California's job market improved slightly in August, but the state has regained just a third of the jobs it has lost since the COVID-19 pandemic forced thousands of businesses to close. The state added 101,900 jobs last month, mostly due to the temporary hiring of federal census takers, slightly boosting state payrolls to about 15.87 million, state officials reported. In July, employers had hired 83,500 workers after Gov. Gavin Newsom and county officials allowed many workplaces to reopen. Compared with August of last year, California payrolls shrank 9.1%. About 2.6 million jobs were lost in March and April because of the pandemic.
Banking can be expensive, especially for low-wage workers. A score of California lawmakers has signed on to a new bill designed to offer Golden State households free financial services, taking on the state's powerful banks at a time when easier access to banking services could help families cope with the economic fallout of the COVID-19 pandemic. If it passes, the California Public Banking Option Act would create BankCal, the first state government program in the nation to offer universal consumer banking, according to financial policy experts. The program would provide no-fee debit cards, direct deposits from employers and government agencies, electronic bill payment and ATM access, directly competing with private banks. "The bill creates a way for Californians to bank without paying exorbitant fees -- money that could be used for food and rent or rebuilding from the economic devastation wreaked by the pandemic," said Assemblyman Miguel Santiago (D-Los Angeles), a lead author of the measure, Assembly Bill 1177.
James Manyika and Jacques Bughin are directors of the McKinsey Global Institute, and Michael Chui is an MGI partner; Mehdi Miremadi is a partner in McKinsey's Chicago office, Katy George is a senior partner in the New Jersey office, and Paul Willmott and Martin Dewhurst are senior partners in the London office.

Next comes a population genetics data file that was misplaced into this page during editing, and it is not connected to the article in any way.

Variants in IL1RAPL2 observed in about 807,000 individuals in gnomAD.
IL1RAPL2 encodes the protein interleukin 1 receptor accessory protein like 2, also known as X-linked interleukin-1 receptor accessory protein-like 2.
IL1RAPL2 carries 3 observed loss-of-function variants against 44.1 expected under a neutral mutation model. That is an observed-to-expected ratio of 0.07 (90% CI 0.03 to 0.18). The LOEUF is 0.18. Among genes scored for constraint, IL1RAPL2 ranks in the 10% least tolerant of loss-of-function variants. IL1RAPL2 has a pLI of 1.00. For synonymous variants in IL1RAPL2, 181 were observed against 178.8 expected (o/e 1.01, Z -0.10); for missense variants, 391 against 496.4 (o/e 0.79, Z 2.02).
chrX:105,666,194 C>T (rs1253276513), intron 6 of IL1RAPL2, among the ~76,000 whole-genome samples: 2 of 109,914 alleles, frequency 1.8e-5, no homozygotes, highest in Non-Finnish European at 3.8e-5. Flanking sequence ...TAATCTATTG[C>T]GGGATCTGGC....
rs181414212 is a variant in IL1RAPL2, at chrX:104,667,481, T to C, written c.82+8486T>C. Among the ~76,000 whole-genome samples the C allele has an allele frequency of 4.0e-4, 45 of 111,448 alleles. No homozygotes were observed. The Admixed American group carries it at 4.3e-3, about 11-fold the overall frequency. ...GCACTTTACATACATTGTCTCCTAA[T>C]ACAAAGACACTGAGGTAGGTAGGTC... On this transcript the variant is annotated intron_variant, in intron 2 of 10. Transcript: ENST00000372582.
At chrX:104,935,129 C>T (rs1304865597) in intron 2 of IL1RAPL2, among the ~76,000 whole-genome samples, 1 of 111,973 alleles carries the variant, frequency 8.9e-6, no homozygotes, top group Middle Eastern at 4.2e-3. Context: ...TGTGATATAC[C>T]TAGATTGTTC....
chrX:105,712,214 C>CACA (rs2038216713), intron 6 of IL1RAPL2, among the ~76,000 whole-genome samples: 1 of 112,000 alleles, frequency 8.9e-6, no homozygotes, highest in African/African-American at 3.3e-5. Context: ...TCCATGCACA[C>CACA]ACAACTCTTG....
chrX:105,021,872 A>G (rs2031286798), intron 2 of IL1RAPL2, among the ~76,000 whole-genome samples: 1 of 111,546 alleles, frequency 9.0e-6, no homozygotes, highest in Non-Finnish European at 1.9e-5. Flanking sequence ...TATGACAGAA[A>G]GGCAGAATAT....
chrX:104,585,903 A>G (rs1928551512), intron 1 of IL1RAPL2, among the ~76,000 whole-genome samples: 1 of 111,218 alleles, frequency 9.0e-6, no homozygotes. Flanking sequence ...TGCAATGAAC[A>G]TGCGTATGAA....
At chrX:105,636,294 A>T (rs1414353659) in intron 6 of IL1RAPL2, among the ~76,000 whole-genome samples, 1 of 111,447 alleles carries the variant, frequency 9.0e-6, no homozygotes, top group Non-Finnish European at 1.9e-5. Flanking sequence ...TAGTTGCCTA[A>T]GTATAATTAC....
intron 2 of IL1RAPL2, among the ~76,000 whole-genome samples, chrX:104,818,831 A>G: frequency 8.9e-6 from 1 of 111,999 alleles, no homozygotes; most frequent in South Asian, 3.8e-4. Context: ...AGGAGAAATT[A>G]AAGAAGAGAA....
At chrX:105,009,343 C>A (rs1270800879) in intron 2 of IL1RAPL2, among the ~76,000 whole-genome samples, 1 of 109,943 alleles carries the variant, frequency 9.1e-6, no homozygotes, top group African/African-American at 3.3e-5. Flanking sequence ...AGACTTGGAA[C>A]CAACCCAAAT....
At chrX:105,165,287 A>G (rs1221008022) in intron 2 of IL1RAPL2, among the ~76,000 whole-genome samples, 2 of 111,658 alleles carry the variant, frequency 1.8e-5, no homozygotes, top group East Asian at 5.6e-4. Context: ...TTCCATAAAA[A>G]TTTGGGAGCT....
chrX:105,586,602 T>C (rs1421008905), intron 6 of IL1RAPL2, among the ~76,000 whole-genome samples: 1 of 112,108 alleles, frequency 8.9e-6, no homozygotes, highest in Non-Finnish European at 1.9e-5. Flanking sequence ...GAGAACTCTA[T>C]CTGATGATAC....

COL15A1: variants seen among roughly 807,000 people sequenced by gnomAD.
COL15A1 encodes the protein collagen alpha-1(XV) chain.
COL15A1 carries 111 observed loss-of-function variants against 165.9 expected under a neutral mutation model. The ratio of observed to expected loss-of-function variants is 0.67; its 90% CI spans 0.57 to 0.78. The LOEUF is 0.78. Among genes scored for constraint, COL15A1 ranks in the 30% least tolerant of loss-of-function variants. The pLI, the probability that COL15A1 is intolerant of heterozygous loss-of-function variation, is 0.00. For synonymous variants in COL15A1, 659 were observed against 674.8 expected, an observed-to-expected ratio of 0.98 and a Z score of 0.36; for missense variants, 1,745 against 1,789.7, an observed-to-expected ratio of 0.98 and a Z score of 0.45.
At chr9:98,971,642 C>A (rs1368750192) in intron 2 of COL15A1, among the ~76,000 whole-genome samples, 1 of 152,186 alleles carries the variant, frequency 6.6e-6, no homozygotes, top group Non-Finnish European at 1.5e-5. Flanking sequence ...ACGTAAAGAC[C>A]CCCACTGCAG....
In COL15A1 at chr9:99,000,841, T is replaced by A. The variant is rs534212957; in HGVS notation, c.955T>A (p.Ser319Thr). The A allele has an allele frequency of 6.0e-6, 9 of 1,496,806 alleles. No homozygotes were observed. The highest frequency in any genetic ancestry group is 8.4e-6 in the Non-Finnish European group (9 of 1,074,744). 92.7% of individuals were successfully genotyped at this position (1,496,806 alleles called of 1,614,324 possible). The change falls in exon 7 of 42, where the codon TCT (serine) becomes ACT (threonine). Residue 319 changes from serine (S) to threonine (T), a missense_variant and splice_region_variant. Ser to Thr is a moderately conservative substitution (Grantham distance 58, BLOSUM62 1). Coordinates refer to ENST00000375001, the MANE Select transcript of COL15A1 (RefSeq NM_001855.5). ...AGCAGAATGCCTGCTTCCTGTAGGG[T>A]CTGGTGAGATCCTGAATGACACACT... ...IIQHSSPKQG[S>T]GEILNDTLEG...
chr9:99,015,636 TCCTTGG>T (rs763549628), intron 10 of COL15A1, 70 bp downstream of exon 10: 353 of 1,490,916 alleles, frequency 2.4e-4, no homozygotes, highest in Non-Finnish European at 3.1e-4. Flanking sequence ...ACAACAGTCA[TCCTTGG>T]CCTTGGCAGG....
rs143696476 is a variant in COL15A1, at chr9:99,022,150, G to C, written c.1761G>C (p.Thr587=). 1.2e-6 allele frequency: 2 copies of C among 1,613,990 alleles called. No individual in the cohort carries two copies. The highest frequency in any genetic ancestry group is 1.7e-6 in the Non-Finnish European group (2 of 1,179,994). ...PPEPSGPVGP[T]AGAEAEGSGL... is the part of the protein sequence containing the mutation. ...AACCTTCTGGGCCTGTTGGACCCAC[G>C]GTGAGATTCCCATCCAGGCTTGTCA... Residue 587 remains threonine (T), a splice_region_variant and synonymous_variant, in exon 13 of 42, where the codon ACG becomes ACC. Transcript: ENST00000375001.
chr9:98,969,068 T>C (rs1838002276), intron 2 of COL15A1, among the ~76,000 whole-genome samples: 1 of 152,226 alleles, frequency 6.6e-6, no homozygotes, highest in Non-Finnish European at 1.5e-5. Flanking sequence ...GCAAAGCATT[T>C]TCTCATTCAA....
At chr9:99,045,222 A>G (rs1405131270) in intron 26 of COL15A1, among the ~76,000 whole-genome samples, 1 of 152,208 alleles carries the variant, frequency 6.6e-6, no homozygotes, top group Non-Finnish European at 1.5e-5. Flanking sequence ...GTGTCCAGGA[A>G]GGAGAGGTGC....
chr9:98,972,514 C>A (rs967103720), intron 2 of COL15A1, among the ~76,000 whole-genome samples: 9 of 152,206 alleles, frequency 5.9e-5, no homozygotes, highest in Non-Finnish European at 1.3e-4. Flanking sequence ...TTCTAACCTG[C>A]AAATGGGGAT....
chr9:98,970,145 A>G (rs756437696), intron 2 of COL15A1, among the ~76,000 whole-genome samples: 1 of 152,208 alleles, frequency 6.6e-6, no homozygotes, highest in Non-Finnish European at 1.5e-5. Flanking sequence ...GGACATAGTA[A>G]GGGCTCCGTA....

Andy Puzder, the fast-food executive who is President Trump's nominee for Labor secretary, fondly recalls his first job: scooping ice cream at Baskin-Robbins for a buck an hour as a teenager near Cleveland. "I learned a lot about inventory and customer service," the chief executive of CKE Restaurants Inc. told The Times last year. "But there's no way in the world that scooping ice cream is worth $15 an hour, and no one ever intended it would ever be something that a person could support a family on." Those comments encapsulate the starkly different approach the Trump administration is expected to take on low-wage workers and their issues compared with the Obama administration. To President Trump and other Republicans, fast-food jobs and other low-paying work are largely for young people just getting started in the labor market.
The U.S. and California economies will experience near-record growth this year thanks to widespread vaccinations for COVID-19 and massive federal relief for struggling workers and businesses, UCLA forecasters predict. "A waning pandemic combined with fiscal relief means a strong year of growth in 2021 -- one of the strongest years of growth in the last 60 years -- followed by sustained higher growth rates in 2022 and 2023," according to the quarterly economic outlook released Wednesday. California, buoyed by high-earning technology and professional sectors that shifted to at-home work during the pandemic, will recover somewhat faster than the U.S., even though a full rebound in the tourist-dependent leisure and hospitality businesses will lag. "This is a very'good news' forecast," said Leo Feler, senior economist of the forecasting group based at UCLA's Anderson School of Management. "We have finally turned the corner."